If someone you love has Alzheimer’s disease or dementia, you may face a difficult set of challenges. People with these conditions suffer from a progressive brain disorder that makes it difficult for them to think clearly, take care of themselves, or even communicate effectively. Caring for someone with dementia takes a great deal of patience, creativity, and compassion, and it may help to talk things over with supportive friends and family members, or even a health-care provider.

Here are some dementia care tips to help you handle the more common obstacles.

Dementia care: what to do if your loved one wanders

This is a very common part of dementia care; people with dementia may wander out of boredom, to look for someone or something, or even to tend to a physical urge such as using the bathroom or getting something to eat or drink. You may not always understand the trigger, but try these steps to minimize the potential for dangerous situations:

  • Use child-safe plastic doorknob covers.
  • Hang curtains or sheets over doors to mask them.
  • Be sure your loved one wears an ID bracelet, and sew ID tags into his or her clothes.

Dementia care: how to manage or prevent agitation while caring for someone with dementia

Agitation worsens as dementia progresses; caring for someone with dementia is a continual struggle to identify and minimize situations that trigger agitation.

Here are some suggestions for managing aggressive or agitated behavior when caring for a loved one with dementia:

  • Stick to routines and maintain a “constant” environment; for example, try to keep furniture and familiar objects in the same place.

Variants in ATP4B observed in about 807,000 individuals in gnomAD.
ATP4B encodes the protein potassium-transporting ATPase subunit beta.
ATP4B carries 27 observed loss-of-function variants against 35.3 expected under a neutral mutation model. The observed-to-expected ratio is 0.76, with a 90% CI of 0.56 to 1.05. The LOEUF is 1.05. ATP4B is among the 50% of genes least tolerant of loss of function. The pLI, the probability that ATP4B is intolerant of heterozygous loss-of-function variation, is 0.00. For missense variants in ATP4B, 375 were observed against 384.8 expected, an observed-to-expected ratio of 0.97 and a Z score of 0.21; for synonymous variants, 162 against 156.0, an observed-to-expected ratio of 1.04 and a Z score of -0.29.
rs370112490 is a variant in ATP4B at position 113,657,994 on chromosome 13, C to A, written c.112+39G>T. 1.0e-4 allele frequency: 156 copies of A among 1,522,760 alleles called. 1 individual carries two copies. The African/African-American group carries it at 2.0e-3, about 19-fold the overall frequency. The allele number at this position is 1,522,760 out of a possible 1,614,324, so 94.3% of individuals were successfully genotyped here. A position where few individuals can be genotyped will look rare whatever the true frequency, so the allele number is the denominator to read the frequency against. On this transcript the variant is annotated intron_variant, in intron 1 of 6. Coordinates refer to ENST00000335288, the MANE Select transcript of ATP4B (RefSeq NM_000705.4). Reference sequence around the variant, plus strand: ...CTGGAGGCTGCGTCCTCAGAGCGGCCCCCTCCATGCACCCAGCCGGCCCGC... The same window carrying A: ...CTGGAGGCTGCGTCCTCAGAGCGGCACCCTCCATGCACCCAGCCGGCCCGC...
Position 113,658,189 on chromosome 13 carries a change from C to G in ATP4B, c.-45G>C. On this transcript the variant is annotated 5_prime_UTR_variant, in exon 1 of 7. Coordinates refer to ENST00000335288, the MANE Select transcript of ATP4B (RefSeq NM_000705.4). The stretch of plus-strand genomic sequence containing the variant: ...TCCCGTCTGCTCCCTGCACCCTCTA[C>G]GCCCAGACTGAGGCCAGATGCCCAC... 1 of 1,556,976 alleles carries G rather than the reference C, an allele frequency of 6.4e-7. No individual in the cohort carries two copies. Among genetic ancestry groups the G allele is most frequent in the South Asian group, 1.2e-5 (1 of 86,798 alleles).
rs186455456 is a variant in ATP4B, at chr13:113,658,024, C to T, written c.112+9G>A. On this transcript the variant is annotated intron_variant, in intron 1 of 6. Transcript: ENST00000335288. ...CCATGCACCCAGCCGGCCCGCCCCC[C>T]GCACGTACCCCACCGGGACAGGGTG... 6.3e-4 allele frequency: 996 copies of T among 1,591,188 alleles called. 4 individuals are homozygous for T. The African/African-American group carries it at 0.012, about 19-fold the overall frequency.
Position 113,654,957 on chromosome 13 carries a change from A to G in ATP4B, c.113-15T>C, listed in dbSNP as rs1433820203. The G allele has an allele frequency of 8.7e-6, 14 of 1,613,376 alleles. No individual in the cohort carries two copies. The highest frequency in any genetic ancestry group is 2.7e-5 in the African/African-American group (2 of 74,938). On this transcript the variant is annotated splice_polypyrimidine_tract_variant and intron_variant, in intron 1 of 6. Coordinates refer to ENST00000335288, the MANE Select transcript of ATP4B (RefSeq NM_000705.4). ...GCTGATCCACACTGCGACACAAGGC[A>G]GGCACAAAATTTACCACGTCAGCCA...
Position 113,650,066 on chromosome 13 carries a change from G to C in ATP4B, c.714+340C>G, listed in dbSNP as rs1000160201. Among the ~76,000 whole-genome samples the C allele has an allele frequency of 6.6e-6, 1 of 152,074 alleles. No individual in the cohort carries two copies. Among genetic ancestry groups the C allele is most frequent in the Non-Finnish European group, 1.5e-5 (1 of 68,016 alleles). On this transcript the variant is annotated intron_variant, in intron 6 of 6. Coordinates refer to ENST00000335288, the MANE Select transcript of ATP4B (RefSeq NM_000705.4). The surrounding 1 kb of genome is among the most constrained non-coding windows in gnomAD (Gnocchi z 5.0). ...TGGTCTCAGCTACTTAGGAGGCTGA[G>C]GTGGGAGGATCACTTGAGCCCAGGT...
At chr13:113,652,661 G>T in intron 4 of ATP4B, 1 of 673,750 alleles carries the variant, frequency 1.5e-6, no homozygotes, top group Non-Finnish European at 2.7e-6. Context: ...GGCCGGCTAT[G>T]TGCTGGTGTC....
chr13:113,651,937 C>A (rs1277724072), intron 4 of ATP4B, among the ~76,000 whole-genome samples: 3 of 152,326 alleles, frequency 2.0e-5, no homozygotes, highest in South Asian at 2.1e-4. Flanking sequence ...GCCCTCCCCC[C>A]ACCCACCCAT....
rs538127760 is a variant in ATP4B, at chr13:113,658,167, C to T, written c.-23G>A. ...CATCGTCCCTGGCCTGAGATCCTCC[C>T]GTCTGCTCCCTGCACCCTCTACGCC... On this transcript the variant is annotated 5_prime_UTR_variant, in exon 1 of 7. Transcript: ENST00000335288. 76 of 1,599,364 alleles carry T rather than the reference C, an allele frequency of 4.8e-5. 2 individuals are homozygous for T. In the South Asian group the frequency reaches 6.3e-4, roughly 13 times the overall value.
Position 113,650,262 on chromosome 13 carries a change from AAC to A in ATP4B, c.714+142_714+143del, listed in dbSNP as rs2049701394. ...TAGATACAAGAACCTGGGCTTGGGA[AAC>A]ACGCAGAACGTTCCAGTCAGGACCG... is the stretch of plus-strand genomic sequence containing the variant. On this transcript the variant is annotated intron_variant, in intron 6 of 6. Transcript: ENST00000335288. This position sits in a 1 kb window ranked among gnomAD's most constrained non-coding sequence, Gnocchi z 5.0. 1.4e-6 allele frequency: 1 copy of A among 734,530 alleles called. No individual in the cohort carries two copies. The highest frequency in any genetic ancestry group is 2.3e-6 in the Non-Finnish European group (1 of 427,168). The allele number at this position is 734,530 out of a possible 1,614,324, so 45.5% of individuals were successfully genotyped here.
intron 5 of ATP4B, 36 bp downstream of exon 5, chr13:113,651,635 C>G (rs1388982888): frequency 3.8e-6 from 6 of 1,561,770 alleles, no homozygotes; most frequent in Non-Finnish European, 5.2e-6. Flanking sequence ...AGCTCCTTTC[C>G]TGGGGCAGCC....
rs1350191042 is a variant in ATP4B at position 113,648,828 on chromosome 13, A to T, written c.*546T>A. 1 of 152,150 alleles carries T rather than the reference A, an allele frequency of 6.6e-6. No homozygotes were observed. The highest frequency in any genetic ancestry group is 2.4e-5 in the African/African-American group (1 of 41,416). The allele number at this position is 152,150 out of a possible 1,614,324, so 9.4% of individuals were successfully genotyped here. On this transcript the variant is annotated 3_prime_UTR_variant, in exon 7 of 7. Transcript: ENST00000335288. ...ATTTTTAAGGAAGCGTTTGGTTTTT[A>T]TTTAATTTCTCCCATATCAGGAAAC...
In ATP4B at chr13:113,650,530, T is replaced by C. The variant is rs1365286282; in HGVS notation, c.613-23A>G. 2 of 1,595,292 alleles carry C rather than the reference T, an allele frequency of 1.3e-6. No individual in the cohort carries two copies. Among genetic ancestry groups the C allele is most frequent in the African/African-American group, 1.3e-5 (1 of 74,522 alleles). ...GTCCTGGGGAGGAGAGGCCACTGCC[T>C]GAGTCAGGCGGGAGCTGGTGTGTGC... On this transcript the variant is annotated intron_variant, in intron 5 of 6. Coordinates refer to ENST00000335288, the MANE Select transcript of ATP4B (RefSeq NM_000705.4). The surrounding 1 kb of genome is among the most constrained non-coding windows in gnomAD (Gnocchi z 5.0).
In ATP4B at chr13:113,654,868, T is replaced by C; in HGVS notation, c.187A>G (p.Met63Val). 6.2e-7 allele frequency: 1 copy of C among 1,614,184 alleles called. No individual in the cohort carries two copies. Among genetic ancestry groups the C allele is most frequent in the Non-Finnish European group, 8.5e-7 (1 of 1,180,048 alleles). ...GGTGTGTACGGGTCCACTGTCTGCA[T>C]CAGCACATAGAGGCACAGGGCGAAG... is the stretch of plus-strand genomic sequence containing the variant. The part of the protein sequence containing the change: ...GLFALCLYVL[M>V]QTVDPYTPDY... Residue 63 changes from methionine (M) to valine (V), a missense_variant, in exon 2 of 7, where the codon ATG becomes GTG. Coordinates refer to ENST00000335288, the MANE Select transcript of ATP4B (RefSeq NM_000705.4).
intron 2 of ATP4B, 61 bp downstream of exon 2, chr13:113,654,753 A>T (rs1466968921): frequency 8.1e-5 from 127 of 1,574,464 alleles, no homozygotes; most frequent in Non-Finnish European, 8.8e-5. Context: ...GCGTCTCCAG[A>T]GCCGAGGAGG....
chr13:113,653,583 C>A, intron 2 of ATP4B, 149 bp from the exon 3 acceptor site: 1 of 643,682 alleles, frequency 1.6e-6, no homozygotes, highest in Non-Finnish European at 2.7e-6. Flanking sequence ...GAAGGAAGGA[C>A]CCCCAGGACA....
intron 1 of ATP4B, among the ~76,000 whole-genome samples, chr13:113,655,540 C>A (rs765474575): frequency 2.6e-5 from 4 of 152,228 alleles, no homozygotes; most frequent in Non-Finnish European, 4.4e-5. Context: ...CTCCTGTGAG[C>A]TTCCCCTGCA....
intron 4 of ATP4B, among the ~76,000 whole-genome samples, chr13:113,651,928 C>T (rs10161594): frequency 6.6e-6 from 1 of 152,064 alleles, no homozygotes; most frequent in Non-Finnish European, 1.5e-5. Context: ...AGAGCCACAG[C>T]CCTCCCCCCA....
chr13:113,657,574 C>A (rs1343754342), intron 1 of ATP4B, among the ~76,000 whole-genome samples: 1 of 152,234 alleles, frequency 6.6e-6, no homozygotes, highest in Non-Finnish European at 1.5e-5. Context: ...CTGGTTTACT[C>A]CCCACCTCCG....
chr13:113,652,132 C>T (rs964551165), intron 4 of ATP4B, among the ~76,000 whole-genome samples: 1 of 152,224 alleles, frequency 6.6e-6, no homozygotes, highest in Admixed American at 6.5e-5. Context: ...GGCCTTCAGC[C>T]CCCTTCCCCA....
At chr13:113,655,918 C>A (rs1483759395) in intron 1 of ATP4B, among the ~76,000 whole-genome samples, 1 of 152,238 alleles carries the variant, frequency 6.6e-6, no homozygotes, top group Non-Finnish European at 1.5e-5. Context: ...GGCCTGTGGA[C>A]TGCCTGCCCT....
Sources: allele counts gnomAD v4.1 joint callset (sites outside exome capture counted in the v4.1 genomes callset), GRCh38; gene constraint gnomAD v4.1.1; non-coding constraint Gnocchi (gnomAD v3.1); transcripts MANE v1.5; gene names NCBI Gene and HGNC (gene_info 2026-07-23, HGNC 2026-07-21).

• Use gentle touching, soft music, or even a short walk to calm periods of agitation.
  • Distract an agitated individual with a favorite snack or activity.
  • Encourage independence in your dementia care, but don’t let the person become frustrated with activities they can’t accomplish without help.

Dementia care: how to make sure your loved one is getting proper nutrition

Ensuring adequate nutrition is a challenge when you are caring for someone with dementia—your loved one may literally forget to eat or drink. In addition, some medications may suppress the appetite or make food taste different.

An important part of dementia care is making sure that your loved one is getting the nutrition he or she needs, especially because a poor diet may exacerbate health problems. Here are some tips:

  • Aim for five or six snack-sized meals instead of three large ones.
  • Though difficult, make time for sitting down and eating with your loved one part of your dementia care routine.
  • Serve softer foods or food you have already cut into bite-sized portions.
  • If not getting enough calories is an issue, encourage high-calorie snacks and protein shakes between meals.
  • Sometimes, caring for someone with dementia means encouraging independence over neatness, especially at mealtime. Provide a “sippy cup” or straw to help him or her drink; in addition, serve finger foods when possible.

Dementia care: how to handle sleeplessness and restlessness at bedtime